© Reuters. FILE PHOTO: Japanese yen and U.S. dollar banknotes are seen in this illustration picture taken June 15, 2022. REUTERS/Florence Lo/Illustration
LONDON (Reuters) – The dollar edged higher in early London trading on Friday, after hawkish comments from U.S. Federal Reserve officials pushed against the idea this week’s U.S. inflation data could prompt the central bank to slow down policy tightening.
The U.S. inflation data was lower than expected, boosting riskier assets such as equities and weakening the dollar, as markets interpreted it as an indication the Fed could be less aggressive in rate hikes.
But Fed officials made clear they would continue to tighten monetary policy. San Francisco Federal Reserve Bank President Mary Daly said on Thursday she was open to the possibility of another 75 basis point (bp) hike in September to fight too-high inflation.
At 0744 GMT, the was up 0.2% on the day at 105.28, after four days of losses that have put it on track for a weekly decline of 1.2%.
The Japanese yen lost out to the dollar strength, with the dollar up 0.3% against the yen at 133.345.
Traders were pricing in around a 38.5% chance of a 75 bps Fed rate hike in September and a 61.5% chance of 50 bps.
“We think it will take far more evidence of slowing core inflation to temper Fed tightening,” said Paul Mackel, global head of FX research at HSBC, in a note to clients.
“Inflation is also a global problem not just a US one, and so global growth and inflation dynamics will also drive the USD,” he said.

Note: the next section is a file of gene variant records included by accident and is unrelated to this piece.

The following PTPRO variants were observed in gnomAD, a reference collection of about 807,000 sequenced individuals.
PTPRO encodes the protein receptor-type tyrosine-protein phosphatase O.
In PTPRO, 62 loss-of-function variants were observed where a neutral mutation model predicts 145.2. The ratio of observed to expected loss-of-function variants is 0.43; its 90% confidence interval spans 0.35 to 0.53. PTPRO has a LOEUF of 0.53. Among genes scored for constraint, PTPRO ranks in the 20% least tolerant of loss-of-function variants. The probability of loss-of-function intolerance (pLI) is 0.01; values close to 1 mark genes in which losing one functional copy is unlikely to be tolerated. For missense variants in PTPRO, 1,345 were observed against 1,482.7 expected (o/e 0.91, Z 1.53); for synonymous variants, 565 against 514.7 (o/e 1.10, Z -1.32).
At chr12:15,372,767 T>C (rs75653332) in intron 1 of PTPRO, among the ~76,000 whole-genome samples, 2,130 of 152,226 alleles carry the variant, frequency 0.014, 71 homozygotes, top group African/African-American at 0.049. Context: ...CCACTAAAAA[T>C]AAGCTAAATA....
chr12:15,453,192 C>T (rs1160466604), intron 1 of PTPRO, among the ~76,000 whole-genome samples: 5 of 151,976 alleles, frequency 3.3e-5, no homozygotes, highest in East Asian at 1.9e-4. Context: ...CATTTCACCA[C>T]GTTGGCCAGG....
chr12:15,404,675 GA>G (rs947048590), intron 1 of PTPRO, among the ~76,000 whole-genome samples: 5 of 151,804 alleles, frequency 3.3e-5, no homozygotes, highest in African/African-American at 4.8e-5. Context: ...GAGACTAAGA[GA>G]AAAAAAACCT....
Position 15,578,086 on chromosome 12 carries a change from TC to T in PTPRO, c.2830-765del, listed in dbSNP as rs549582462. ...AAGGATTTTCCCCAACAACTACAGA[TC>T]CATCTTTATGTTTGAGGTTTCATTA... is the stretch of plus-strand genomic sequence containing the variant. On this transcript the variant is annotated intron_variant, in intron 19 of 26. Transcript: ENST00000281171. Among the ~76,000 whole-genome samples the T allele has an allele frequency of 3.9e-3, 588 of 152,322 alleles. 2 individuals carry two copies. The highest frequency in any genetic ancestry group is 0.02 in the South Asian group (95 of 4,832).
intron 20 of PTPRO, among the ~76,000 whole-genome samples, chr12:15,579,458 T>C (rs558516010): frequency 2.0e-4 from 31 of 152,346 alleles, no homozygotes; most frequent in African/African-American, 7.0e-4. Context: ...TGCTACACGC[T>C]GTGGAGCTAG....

“The likes of the ECB (European Central Bank) and the BoE (Bank of England) may still find it hard to match market pricing for rate hikes, creating downside pressures for EUR and GBP.”
The British pound was down 0.3% at $1.2175, having shown no reaction to data revealing UK GDP contracted by less than feared in June, even though an extra public holiday had been expected to cause a big drag.
The euro was down 0.2% at $1.0295. French inflation was up 6.8% year-on-year in July, while for Spain the figure was 10.8%, the highest since 1984, data showed.
The euro has been weighed down by Europe’s struggles with the war in Ukraine, the hunt for non-Russian energy sources, and a hit to the German economy from scant rainfall. In the latest troubles, low water levels on the Rhine, Germany’s commercial artery, have disrupted shipping and pushed freight costs up more than five-fold.
Commerzbank (ETR:) said in a note to clients it had revised its euro-dollar forecast lower, as it expects a euro-area recession as a base scenario, having previously been a “risk scenario”. Commerzbank expects the euro to fall to $0.98 in December and not recover until later in 2023.
Inflation in Sweden eased to 8% year-on-year in July, which ING’s global head of markets Chris Turner said in a note to clients may lessen expectations for a massive Riksbank rate hike in September.
“After a good run in July, we doubt the Swedish krona pushes on too much further against the euro,” Turner added.
The New Zealand dollar was lifted by expectations of a Reserve Bank of New Zealand rate rise next week.